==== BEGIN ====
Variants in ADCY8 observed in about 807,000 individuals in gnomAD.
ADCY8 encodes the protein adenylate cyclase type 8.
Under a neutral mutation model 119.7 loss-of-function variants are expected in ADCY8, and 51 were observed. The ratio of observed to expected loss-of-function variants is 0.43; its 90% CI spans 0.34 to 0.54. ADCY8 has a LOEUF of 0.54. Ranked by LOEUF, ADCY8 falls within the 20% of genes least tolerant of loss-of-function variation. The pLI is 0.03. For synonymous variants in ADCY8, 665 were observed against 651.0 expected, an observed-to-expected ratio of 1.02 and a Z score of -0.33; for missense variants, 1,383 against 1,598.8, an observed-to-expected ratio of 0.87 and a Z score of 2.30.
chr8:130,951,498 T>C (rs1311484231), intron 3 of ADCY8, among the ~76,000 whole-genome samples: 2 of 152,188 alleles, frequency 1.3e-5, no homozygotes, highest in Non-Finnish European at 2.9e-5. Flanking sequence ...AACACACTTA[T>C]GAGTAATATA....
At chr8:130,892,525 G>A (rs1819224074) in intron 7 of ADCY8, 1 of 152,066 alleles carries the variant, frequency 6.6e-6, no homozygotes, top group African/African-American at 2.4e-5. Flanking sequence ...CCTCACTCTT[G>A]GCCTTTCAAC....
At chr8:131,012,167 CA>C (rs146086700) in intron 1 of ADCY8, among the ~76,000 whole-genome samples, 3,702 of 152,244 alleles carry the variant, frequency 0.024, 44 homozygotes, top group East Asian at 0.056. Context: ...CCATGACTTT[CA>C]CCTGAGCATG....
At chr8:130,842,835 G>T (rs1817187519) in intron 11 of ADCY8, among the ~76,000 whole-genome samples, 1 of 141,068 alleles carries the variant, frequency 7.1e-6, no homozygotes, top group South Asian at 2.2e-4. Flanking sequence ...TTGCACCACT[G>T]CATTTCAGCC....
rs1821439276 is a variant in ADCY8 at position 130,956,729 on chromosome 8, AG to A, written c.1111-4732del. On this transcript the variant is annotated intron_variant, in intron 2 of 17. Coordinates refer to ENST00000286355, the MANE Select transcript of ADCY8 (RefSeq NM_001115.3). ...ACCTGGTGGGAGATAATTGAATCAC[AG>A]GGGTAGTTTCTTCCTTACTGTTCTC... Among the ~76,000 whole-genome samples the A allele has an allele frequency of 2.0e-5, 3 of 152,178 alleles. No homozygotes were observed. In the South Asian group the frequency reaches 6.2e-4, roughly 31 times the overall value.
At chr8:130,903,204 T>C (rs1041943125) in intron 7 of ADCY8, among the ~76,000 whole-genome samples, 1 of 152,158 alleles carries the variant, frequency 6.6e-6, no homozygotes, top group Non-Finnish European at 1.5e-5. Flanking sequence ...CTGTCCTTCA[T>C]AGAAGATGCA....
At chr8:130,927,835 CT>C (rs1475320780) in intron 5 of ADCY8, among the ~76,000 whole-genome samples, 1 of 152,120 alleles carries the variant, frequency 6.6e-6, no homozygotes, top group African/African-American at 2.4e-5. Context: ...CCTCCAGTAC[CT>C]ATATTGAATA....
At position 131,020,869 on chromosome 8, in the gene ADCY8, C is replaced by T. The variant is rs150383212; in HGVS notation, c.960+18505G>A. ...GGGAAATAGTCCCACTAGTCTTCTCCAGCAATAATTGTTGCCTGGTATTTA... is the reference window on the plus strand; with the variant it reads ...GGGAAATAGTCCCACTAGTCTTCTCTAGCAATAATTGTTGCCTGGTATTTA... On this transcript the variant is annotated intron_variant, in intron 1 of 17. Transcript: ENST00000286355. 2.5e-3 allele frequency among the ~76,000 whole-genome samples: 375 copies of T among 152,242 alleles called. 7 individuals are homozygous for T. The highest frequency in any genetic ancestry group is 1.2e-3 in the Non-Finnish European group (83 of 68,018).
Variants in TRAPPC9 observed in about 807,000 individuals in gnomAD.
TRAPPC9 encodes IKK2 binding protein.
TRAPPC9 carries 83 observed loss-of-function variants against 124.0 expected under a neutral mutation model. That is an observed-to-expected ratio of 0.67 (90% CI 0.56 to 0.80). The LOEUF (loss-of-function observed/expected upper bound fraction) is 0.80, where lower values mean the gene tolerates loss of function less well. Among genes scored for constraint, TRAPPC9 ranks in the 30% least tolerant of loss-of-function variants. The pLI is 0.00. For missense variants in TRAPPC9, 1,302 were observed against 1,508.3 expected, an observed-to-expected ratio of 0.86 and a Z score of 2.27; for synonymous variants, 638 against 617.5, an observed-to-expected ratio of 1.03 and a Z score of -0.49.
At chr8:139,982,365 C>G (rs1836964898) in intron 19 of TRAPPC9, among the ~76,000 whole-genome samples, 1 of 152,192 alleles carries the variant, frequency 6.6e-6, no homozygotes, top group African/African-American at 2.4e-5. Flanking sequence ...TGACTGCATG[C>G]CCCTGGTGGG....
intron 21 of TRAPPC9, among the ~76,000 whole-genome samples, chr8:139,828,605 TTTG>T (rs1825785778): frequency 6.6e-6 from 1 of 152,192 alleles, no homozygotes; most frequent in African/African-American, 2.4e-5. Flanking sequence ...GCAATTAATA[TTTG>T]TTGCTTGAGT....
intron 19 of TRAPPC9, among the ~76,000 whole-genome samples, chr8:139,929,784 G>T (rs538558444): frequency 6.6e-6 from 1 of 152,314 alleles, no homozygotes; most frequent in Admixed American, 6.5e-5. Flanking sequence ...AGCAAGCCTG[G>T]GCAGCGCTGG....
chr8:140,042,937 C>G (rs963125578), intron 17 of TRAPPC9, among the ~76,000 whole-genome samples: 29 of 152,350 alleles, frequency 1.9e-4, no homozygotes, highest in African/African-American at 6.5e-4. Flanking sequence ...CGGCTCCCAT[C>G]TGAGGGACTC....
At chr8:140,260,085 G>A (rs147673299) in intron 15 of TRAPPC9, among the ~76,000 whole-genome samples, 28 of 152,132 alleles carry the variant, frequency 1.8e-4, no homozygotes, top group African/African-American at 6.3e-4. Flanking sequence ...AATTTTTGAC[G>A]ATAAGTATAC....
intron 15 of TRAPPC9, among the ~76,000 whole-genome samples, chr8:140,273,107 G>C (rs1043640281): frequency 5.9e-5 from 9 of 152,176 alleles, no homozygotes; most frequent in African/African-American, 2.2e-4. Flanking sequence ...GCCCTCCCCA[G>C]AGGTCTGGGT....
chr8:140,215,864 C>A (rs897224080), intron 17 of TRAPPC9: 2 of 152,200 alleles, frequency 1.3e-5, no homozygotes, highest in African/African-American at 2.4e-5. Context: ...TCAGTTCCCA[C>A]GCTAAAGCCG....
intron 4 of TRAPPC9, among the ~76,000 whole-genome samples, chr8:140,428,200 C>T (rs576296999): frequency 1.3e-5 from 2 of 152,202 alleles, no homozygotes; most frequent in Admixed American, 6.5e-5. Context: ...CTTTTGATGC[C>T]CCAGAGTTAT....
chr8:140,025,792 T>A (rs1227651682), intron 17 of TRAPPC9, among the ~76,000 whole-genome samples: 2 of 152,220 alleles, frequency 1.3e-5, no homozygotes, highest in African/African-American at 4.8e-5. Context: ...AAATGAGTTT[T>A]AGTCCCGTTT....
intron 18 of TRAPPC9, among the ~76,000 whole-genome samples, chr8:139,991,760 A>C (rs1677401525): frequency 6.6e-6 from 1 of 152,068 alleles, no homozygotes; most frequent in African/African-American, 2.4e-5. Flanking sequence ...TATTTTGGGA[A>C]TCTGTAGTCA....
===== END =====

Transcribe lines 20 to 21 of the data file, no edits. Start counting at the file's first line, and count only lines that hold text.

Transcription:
intron 15 of TRAPPC9, among the ~76,000 whole-genome samples, chr8:140,273,107 G>C (rs1043640281): frequency 5.9e-5 from 9 of 152,176 alleles, no homozygotes; most frequent in African/African-American, 2.2e-4. Flanking sequence ...GCCCTCCCCA[G>C]AGGTCTGGGT....
chr8:140,215,864 C>A (rs897224080), intron 17 of TRAPPC9: 2 of 152,200 alleles, frequency 1.3e-5, no homozygotes, highest in African/African-American at 2.4e-5. Context: ...TCAGTTCCCA[C>A]GCTAAAGCCG....